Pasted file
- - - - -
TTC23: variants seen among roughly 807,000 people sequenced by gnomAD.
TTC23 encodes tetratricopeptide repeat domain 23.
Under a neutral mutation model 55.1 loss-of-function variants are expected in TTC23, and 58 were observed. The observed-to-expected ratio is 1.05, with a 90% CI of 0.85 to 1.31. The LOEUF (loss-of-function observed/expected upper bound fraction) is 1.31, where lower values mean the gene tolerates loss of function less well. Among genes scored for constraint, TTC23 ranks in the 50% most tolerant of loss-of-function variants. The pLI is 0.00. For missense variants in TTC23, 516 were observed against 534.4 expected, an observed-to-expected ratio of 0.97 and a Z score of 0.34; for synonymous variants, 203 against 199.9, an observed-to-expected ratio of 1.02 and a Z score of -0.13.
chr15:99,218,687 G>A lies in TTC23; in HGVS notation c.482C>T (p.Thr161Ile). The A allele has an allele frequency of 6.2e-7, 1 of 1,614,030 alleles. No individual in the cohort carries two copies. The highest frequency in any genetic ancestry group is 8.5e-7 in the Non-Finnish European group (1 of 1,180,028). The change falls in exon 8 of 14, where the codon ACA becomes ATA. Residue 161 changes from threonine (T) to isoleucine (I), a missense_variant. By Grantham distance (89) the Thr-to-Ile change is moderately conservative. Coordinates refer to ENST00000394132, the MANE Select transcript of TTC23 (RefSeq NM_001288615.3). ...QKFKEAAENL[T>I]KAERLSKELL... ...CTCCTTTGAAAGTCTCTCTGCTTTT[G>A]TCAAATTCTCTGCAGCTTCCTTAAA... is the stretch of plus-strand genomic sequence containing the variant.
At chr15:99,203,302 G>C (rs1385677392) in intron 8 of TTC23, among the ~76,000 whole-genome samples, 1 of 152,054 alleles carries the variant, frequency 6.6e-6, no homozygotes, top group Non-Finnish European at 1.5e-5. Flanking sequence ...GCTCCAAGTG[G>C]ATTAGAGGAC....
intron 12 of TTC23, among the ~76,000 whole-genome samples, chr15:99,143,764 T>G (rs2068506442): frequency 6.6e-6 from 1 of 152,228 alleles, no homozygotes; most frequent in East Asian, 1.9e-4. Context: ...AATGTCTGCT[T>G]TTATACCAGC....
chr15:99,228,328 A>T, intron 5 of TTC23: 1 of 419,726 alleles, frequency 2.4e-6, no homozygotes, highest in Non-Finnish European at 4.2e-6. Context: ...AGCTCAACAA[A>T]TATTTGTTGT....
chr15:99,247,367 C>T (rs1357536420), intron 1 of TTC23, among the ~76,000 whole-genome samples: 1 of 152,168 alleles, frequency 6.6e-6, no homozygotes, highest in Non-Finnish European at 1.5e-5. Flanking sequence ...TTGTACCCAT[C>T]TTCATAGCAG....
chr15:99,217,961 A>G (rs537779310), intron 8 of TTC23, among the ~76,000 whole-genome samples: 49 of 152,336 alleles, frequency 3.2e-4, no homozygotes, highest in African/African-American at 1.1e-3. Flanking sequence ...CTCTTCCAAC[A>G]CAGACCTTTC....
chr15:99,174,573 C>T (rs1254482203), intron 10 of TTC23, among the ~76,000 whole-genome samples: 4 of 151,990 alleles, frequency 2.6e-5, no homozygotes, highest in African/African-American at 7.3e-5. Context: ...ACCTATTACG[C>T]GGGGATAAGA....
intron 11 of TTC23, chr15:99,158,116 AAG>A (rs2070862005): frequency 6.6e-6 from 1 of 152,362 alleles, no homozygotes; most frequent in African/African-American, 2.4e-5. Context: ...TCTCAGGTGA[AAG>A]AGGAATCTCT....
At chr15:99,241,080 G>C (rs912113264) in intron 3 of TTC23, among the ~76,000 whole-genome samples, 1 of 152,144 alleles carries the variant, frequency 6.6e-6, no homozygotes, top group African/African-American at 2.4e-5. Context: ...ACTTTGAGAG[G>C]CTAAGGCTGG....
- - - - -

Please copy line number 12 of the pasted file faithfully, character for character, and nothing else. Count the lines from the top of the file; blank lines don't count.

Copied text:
At chr15:99,241,080 G>C (rs912113264) in intron 3 of TTC23, among the ~76,000 whole-genome samples, 1 of 152,144 alleles carries the variant, frequency 6.6e-6, no homozygotes, top group African/African-American at 2.4e-5. Context: ...ACTTTGAGAG[G>C]CTAAGGCTGG....